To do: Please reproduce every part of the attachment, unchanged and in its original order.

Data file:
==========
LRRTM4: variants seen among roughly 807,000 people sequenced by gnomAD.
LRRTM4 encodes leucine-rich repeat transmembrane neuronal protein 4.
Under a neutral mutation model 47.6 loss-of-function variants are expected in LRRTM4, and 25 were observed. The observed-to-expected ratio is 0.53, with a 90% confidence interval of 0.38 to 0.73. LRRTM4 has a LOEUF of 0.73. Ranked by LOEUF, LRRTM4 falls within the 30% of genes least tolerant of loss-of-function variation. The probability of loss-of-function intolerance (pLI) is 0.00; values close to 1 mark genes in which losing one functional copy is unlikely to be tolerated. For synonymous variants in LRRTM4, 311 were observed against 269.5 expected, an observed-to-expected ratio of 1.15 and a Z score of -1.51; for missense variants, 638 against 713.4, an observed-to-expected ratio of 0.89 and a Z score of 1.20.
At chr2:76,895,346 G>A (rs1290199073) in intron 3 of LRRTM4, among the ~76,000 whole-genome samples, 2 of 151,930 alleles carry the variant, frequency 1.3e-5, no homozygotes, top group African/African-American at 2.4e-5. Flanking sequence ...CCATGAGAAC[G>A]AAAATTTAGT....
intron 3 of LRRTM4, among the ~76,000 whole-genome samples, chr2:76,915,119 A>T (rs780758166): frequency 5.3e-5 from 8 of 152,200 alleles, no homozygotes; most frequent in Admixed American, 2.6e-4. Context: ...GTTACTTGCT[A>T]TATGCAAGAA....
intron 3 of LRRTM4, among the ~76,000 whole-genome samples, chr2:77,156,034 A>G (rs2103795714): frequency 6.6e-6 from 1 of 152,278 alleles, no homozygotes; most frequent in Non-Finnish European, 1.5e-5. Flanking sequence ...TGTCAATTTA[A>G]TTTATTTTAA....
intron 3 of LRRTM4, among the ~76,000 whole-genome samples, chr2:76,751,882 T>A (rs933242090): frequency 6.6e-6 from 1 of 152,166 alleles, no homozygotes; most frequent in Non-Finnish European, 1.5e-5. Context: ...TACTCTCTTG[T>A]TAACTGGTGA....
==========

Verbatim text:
LRRTM4: variants seen among roughly 807,000 people sequenced by gnomAD.
LRRTM4 encodes leucine-rich repeat transmembrane neuronal protein 4.
Under a neutral mutation model 47.6 loss-of-function variants are expected in LRRTM4, and 25 were observed. The observed-to-expected ratio is 0.53, with a 90% confidence interval of 0.38 to 0.73. LRRTM4 has a LOEUF of 0.73. Ranked by LOEUF, LRRTM4 falls within the 30% of genes least tolerant of loss-of-function variation. The probability of loss-of-function intolerance (pLI) is 0.00; values close to 1 mark genes in which losing one functional copy is unlikely to be tolerated. For synonymous variants in LRRTM4, 311 were observed against 269.5 expected, an observed-to-expected ratio of 1.15 and a Z score of -1.51; for missense variants, 638 against 713.4, an observed-to-expected ratio of 0.89 and a Z score of 1.20.
At chr2:76,895,346 G>A (rs1290199073) in intron 3 of LRRTM4, among the ~76,000 whole-genome samples, 2 of 151,930 alleles carry the variant, frequency 1.3e-5, no homozygotes, top group African/African-American at 2.4e-5. Flanking sequence ...CCATGAGAAC[G>A]AAAATTTAGT....
intron 3 of LRRTM4, among the ~76,000 whole-genome samples, chr2:76,915,119 A>T (rs780758166): frequency 5.3e-5 from 8 of 152,200 alleles, no homozygotes; most frequent in Admixed American, 2.6e-4. Context: ...GTTACTTGCT[A>T]TATGCAAGAA....
intron 3 of LRRTM4, among the ~76,000 whole-genome samples, chr2:77,156,034 A>G (rs2103795714): frequency 6.6e-6 from 1 of 152,278 alleles, no homozygotes; most frequent in Non-Finnish European, 1.5e-5. Flanking sequence ...TGTCAATTTA[A>G]TTTATTTTAA....
intron 3 of LRRTM4, among the ~76,000 whole-genome samples, chr2:76,751,882 T>A (rs933242090): frequency 6.6e-6 from 1 of 152,166 alleles, no homozygotes; most frequent in Non-Finnish European, 1.5e-5. Context: ...TACTCTCTTG[T>A]TAACTGGTGA....